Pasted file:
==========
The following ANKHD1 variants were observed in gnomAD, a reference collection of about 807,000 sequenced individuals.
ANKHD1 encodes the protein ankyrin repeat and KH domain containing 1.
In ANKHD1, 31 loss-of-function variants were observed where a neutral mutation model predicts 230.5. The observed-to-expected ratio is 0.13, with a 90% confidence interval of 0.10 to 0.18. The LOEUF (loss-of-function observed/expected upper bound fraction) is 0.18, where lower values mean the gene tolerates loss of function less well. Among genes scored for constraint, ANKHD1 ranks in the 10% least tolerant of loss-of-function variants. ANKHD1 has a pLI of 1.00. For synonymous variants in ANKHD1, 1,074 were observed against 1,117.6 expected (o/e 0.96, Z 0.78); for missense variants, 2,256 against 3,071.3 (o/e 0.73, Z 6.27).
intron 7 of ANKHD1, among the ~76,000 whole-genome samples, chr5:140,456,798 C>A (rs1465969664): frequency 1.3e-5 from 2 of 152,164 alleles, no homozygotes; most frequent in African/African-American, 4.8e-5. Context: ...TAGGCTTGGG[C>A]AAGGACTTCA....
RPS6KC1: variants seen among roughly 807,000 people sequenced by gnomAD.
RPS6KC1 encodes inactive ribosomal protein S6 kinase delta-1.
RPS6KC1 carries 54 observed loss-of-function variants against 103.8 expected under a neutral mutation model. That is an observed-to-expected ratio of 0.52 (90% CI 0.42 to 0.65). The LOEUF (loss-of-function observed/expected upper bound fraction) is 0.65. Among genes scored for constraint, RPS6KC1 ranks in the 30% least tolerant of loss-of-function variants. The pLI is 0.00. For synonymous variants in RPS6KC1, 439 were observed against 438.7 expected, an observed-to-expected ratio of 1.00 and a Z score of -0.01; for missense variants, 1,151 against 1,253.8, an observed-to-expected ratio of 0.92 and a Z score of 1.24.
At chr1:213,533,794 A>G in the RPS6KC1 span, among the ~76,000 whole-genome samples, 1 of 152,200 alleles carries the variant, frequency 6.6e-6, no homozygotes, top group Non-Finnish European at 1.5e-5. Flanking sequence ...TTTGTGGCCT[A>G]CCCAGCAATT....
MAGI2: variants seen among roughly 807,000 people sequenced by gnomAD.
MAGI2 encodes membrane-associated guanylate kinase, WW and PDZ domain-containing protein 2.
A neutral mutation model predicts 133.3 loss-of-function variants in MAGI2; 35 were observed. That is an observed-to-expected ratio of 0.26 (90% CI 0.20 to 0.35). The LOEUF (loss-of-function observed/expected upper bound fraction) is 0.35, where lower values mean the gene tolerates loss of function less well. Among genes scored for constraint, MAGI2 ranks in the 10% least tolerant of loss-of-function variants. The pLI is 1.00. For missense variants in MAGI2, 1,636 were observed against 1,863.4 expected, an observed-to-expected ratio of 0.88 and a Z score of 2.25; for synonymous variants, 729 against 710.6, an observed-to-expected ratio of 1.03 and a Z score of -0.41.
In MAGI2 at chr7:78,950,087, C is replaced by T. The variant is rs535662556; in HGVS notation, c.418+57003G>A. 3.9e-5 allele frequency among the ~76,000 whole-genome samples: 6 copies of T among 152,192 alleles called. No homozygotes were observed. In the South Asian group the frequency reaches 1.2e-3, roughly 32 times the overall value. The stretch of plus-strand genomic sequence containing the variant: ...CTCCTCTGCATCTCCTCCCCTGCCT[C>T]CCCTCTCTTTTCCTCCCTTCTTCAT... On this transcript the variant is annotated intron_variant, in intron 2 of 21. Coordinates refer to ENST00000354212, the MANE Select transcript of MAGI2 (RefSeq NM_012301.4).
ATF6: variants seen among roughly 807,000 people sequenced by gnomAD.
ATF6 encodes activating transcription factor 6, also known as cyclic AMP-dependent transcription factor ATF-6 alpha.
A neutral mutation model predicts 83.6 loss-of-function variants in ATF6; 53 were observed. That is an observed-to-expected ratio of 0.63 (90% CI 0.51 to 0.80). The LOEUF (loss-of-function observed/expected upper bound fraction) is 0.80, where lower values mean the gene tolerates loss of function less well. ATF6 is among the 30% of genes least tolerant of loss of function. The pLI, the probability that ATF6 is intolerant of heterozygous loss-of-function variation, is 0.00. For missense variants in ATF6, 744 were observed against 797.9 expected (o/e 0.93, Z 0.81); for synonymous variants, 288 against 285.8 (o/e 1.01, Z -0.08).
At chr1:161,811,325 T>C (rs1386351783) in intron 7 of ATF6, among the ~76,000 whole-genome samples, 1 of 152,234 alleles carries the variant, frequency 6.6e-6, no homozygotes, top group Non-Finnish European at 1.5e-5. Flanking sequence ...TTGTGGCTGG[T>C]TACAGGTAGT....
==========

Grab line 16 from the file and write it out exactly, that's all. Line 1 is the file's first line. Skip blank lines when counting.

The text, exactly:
At chr1:161,811,325 T>C (rs1386351783) in intron 7 of ATF6, among the ~76,000 whole-genome samples, 1 of 152,234 alleles carries the variant, frequency 6.6e-6, no homozygotes, top group Non-Finnish European at 1.5e-5. Flanking sequence ...TTGTGGCTGG[T>C]TACAGGTAGT....